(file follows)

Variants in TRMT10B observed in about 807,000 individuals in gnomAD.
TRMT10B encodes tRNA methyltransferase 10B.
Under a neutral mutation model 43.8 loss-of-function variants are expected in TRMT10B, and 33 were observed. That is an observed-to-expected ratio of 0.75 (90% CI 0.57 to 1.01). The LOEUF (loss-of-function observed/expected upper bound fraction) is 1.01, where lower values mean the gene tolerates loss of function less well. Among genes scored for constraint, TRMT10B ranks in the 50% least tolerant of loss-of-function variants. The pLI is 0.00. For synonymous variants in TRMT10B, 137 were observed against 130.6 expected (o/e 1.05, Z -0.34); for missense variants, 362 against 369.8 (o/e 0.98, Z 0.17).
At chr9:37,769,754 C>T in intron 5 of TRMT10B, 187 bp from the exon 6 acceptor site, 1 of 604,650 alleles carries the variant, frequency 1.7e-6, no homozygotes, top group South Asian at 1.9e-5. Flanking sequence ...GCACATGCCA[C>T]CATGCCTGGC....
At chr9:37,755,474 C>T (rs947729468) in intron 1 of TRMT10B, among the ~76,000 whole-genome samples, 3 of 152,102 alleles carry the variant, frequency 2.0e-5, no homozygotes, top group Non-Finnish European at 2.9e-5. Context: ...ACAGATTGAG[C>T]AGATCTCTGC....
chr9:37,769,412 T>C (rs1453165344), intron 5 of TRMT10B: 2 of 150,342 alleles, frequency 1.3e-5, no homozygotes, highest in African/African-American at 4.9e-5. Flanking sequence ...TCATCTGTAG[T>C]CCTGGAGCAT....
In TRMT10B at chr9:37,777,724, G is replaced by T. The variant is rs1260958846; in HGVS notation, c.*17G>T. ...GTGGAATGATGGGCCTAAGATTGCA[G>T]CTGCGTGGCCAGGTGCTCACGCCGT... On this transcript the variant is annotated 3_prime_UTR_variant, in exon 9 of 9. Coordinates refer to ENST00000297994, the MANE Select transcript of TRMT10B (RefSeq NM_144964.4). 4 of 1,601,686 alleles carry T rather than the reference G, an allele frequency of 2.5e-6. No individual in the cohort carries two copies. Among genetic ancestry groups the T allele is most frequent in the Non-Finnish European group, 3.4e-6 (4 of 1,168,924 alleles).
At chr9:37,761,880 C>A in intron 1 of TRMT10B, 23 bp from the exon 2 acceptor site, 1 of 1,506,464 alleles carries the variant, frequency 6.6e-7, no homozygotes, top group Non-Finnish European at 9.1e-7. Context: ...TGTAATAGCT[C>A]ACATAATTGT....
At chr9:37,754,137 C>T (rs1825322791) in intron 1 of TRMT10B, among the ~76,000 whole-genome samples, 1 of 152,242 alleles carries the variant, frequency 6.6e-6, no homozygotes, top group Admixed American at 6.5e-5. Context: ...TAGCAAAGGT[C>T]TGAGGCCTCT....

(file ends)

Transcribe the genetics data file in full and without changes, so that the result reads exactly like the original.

Variants in TRMT10B observed in about 807,000 individuals in gnomAD.
TRMT10B encodes tRNA methyltransferase 10B.
Under a neutral mutation model 43.8 loss-of-function variants are expected in TRMT10B, and 33 were observed. That is an observed-to-expected ratio of 0.75 (90% CI 0.57 to 1.01). The LOEUF (loss-of-function observed/expected upper bound fraction) is 1.01, where lower values mean the gene tolerates loss of function less well. Among genes scored for constraint, TRMT10B ranks in the 50% least tolerant of loss-of-function variants. The pLI is 0.00. For synonymous variants in TRMT10B, 137 were observed against 130.6 expected (o/e 1.05, Z -0.34); for missense variants, 362 against 369.8 (o/e 0.98, Z 0.17).
At chr9:37,769,754 C>T in intron 5 of TRMT10B, 187 bp from the exon 6 acceptor site, 1 of 604,650 alleles carries the variant, frequency 1.7e-6, no homozygotes, top group South Asian at 1.9e-5. Flanking sequence ...GCACATGCCA[C>T]CATGCCTGGC....
At chr9:37,755,474 C>T (rs947729468) in intron 1 of TRMT10B, among the ~76,000 whole-genome samples, 3 of 152,102 alleles carry the variant, frequency 2.0e-5, no homozygotes, top group Non-Finnish European at 2.9e-5. Context: ...ACAGATTGAG[C>T]AGATCTCTGC....
chr9:37,769,412 T>C (rs1453165344), intron 5 of TRMT10B: 2 of 150,342 alleles, frequency 1.3e-5, no homozygotes, highest in African/African-American at 4.9e-5. Flanking sequence ...TCATCTGTAG[T>C]CCTGGAGCAT....
In TRMT10B at chr9:37,777,724, G is replaced by T. The variant is rs1260958846; in HGVS notation, c.*17G>T. ...GTGGAATGATGGGCCTAAGATTGCA[G>T]CTGCGTGGCCAGGTGCTCACGCCGT... On this transcript the variant is annotated 3_prime_UTR_variant, in exon 9 of 9. Coordinates refer to ENST00000297994, the MANE Select transcript of TRMT10B (RefSeq NM_144964.4). 4 of 1,601,686 alleles carry T rather than the reference G, an allele frequency of 2.5e-6. No individual in the cohort carries two copies. Among genetic ancestry groups the T allele is most frequent in the Non-Finnish European group, 3.4e-6 (4 of 1,168,924 alleles).
At chr9:37,761,880 C>A in intron 1 of TRMT10B, 23 bp from the exon 2 acceptor site, 1 of 1,506,464 alleles carries the variant, frequency 6.6e-7, no homozygotes, top group Non-Finnish European at 9.1e-7. Context: ...TGTAATAGCT[C>A]ACATAATTGT....
At chr9:37,754,137 C>T (rs1825322791) in intron 1 of TRMT10B, among the ~76,000 whole-genome samples, 1 of 152,242 alleles carries the variant, frequency 6.6e-6, no homozygotes, top group Admixed American at 6.5e-5. Context: ...TAGCAAAGGT[C>T]TGAGGCCTCT....